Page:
Worker "humiliated" by photo on innuendo-filled poster

She agreed to be part of safety campaign, but the sign's tagline has sparked a discrimination case

Worker "humiliated" by photo on innuendo-filled poster
In September, 2015, Sydney Water employee Reem Yelda agreed to being photographed for a campaign to promote spine safety.

However, the 39-year-old said she felt “humiliated” after her image was used on a poster under the words “Feel great — lubricate!”

The poster was situated around depots and it was only then that Yelda learnt how her image had been used.

The poster also included the words “Kick off your SafeStarts by ‘warming up the joints’”.

Yelda was so upset that she has not returned to work since.

She has now lodged a complaint against Sydney Water and subcontractor Vitality Works with the NSW Anti-Discrimination Board, alleging sex discrimination and sexual harassment.

HRD contacted Sydney Water for comment and a spokesperson said the matter is currently before the Anti-Discrimination Board.

“The Board has asked that the parties keep this matter confidential and we respect the Board’s position on this,” said the spokesperson.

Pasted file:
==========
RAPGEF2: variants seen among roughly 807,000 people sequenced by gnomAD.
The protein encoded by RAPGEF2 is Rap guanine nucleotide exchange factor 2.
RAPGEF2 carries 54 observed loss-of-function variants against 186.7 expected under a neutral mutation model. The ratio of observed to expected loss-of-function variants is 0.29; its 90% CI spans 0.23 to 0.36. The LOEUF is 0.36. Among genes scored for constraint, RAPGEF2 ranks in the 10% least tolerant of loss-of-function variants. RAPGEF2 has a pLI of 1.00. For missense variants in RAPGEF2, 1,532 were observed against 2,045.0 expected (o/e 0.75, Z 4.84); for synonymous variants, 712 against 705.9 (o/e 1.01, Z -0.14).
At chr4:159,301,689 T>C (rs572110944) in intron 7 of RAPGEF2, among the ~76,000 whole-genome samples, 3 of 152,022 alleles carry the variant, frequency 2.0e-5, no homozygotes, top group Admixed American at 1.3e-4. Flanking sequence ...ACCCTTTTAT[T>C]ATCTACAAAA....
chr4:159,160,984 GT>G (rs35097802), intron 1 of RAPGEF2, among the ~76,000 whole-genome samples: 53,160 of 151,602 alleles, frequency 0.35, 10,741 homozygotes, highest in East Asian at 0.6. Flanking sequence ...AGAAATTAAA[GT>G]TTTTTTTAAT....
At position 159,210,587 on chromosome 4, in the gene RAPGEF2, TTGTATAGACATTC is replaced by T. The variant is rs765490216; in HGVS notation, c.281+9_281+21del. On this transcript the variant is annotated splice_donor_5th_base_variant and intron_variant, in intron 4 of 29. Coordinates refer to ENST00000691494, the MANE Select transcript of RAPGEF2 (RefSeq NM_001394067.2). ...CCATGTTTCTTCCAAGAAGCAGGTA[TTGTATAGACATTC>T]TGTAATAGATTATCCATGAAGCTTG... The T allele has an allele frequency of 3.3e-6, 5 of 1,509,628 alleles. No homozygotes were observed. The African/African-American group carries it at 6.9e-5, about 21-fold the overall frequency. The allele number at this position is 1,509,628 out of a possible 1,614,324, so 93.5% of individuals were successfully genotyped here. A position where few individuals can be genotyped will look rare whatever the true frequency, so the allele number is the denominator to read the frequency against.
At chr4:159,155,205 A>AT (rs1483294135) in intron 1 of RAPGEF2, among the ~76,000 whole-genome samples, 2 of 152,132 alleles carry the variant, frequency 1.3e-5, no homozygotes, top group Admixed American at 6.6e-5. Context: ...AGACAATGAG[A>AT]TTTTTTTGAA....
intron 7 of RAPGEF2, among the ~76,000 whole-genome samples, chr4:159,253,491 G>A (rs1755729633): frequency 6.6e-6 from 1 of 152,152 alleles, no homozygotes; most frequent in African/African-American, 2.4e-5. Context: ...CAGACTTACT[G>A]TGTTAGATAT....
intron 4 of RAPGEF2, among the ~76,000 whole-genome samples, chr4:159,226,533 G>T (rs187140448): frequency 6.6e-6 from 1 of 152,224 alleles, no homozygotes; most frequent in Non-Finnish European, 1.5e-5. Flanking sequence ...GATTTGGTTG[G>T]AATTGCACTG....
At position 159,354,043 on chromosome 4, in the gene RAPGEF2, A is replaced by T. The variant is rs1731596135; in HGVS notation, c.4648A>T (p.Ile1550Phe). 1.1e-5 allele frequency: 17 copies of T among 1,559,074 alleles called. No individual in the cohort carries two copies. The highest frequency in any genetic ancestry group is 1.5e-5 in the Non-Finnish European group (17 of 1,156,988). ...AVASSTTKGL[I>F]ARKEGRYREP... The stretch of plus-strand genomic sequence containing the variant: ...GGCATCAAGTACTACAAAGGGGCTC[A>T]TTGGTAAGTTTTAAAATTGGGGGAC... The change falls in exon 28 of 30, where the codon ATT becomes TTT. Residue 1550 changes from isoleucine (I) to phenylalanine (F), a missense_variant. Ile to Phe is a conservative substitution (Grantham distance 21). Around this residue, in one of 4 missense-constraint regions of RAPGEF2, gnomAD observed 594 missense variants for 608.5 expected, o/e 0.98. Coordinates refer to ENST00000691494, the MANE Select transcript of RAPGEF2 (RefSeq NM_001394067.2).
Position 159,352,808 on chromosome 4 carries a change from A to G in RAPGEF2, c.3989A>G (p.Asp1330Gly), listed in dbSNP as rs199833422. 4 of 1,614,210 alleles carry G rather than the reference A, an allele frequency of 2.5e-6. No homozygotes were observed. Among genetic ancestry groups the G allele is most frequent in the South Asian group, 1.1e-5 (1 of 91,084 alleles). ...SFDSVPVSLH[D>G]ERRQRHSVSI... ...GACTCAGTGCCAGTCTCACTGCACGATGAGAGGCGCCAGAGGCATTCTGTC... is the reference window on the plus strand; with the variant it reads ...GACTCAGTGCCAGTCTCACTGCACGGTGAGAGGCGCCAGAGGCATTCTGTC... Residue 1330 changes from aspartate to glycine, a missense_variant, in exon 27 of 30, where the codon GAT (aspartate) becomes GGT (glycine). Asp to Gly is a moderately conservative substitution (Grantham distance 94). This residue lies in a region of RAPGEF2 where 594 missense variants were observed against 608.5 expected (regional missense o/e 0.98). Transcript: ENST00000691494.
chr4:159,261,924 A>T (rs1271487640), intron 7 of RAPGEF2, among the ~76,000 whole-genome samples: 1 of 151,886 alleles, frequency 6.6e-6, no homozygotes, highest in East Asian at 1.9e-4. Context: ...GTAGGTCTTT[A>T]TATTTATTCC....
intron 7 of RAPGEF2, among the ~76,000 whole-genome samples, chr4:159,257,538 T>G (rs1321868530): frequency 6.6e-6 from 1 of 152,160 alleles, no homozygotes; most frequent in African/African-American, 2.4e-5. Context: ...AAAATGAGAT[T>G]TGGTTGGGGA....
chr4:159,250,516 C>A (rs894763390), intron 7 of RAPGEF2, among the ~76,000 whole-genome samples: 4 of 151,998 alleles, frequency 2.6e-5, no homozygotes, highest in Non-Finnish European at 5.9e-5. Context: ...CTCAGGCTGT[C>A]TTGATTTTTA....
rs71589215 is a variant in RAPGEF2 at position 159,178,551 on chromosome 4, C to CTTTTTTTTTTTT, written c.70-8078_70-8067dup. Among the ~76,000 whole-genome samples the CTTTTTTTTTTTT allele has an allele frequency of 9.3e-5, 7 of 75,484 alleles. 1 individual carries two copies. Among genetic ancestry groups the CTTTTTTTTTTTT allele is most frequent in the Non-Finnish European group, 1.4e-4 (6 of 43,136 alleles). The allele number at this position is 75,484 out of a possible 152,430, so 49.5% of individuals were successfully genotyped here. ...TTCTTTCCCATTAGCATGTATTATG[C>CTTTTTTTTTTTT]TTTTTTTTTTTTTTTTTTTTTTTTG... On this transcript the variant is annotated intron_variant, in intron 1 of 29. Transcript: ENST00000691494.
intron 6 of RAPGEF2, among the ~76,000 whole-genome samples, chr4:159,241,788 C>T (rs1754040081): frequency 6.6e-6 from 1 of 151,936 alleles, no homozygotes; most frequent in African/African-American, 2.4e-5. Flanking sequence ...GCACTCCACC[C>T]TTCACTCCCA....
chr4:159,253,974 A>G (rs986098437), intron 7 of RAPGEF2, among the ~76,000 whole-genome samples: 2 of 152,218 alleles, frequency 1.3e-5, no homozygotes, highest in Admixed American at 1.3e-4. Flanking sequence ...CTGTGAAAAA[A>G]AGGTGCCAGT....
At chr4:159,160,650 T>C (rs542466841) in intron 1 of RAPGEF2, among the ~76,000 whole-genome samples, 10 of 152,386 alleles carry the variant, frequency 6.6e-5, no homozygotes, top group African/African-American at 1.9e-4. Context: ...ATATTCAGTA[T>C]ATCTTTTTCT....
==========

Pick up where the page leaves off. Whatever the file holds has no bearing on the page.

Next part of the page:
“While Sydney Water cannot disclose the specifics of this matter, Sydney Water’s position is that the poster was not conduct of a sexual nature, but a work, health & safety campaign.”

In a statement through her lawyers Slater and Gordon, Yelda said she the incident has left her “absolutely humiliated”. 

“It is a very male-dominated workplace and I felt like I had been turned into the punchline of a dirty joke,” Yelda was quoted as saying by News Limited.

“I felt betrayed after agreeing to be part of a serious and informative spine safety campaign, but instead I was made the laughing stock of my workplace.

“I worked for Sydney Water for 12 years and I strived to be respected and taken seriously in the workplace, but overnight I became ‘that woman from the poster’, a smutty joke.

“Sexual discrimination like this happens in workplaces every day and enough is enough.”

She added that nobody deserves to be made into a “laughing stock” and sexualised in their workplace.

“There are a thousand slogans they could have used that would not have humiliated me,” she said.

“I wouldn’t wish the shame, humiliation and anxiety I have experienced on anyone else, so I hope that speaking out will go some way towards stopping it from happening in the future.”


Related stories:
Worker dismissed for expressing same-sex marriage views
Sexual harassment in the workplace: What you need to know
Channel Seven and employee settle unfair dismissal claim

This story originally ran on September 28, 2017

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